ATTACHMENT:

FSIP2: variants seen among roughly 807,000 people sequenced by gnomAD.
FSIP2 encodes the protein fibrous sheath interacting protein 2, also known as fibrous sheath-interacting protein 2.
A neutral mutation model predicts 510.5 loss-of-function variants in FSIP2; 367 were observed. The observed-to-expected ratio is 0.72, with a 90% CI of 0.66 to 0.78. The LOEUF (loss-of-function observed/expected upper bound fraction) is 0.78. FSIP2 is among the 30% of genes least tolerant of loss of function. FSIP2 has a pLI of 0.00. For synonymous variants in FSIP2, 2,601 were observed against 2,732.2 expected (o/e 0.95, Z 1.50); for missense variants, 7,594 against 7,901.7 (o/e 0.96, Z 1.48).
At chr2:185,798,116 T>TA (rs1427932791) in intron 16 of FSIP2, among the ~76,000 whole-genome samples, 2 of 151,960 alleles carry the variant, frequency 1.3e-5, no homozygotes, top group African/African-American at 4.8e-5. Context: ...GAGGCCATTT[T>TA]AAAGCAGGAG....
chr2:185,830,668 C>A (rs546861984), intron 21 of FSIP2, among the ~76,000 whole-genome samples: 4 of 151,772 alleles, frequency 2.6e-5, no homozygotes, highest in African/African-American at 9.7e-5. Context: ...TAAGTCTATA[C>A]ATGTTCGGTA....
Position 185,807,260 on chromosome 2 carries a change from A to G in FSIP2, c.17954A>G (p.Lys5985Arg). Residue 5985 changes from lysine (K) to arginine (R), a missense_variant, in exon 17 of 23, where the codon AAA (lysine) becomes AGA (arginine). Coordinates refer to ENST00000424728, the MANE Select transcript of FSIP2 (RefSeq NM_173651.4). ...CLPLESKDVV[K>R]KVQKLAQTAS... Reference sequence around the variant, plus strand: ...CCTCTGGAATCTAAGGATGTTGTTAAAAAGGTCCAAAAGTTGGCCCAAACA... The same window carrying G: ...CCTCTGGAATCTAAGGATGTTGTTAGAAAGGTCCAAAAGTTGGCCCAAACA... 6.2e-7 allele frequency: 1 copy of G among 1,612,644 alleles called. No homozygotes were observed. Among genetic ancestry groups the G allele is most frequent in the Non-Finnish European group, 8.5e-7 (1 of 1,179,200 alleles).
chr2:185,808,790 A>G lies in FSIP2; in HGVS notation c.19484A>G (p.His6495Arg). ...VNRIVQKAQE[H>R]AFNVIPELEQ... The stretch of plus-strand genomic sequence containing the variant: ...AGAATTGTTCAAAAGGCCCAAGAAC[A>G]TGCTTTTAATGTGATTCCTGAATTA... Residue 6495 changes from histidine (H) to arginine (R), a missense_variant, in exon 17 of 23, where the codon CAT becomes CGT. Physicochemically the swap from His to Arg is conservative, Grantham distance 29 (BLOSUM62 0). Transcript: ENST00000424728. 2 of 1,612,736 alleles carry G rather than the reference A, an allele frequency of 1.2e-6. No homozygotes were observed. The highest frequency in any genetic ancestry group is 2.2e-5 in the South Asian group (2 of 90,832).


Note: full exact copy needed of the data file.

FSIP2: variants seen among roughly 807,000 people sequenced by gnomAD.
FSIP2 encodes the protein fibrous sheath interacting protein 2, also known as fibrous sheath-interacting protein 2.
A neutral mutation model predicts 510.5 loss-of-function variants in FSIP2; 367 were observed. The observed-to-expected ratio is 0.72, with a 90% CI of 0.66 to 0.78. The LOEUF (loss-of-function observed/expected upper bound fraction) is 0.78. FSIP2 is among the 30% of genes least tolerant of loss of function. FSIP2 has a pLI of 0.00. For synonymous variants in FSIP2, 2,601 were observed against 2,732.2 expected (o/e 0.95, Z 1.50); for missense variants, 7,594 against 7,901.7 (o/e 0.96, Z 1.48).
At chr2:185,798,116 T>TA (rs1427932791) in intron 16 of FSIP2, among the ~76,000 whole-genome samples, 2 of 151,960 alleles carry the variant, frequency 1.3e-5, no homozygotes, top group African/African-American at 4.8e-5. Context: ...GAGGCCATTT[T>TA]AAAGCAGGAG....
chr2:185,830,668 C>A (rs546861984), intron 21 of FSIP2, among the ~76,000 whole-genome samples: 4 of 151,772 alleles, frequency 2.6e-5, no homozygotes, highest in African/African-American at 9.7e-5. Context: ...TAAGTCTATA[C>A]ATGTTCGGTA....
Position 185,807,260 on chromosome 2 carries a change from A to G in FSIP2, c.17954A>G (p.Lys5985Arg). Residue 5985 changes from lysine (K) to arginine (R), a missense_variant, in exon 17 of 23, where the codon AAA (lysine) becomes AGA (arginine). Coordinates refer to ENST00000424728, the MANE Select transcript of FSIP2 (RefSeq NM_173651.4). ...CLPLESKDVV[K>R]KVQKLAQTAS... Reference sequence around the variant, plus strand: ...CCTCTGGAATCTAAGGATGTTGTTAAAAAGGTCCAAAAGTTGGCCCAAACA... The same window carrying G: ...CCTCTGGAATCTAAGGATGTTGTTAGAAAGGTCCAAAAGTTGGCCCAAACA... 6.2e-7 allele frequency: 1 copy of G among 1,612,644 alleles called. No homozygotes were observed. Among genetic ancestry groups the G allele is most frequent in the Non-Finnish European group, 8.5e-7 (1 of 1,179,200 alleles).
chr2:185,808,790 A>G lies in FSIP2; in HGVS notation c.19484A>G (p.His6495Arg). ...VNRIVQKAQE[H>R]AFNVIPELEQ... The stretch of plus-strand genomic sequence containing the variant: ...AGAATTGTTCAAAAGGCCCAAGAAC[A>G]TGCTTTTAATGTGATTCCTGAATTA... Residue 6495 changes from histidine (H) to arginine (R), a missense_variant, in exon 17 of 23, where the codon CAT becomes CGT. Physicochemically the swap from His to Arg is conservative, Grantham distance 29 (BLOSUM62 0). Transcript: ENST00000424728. 2 of 1,612,736 alleles carry G rather than the reference A, an allele frequency of 1.2e-6. No homozygotes were observed. The highest frequency in any genetic ancestry group is 2.2e-5 in the South Asian group (2 of 90,832).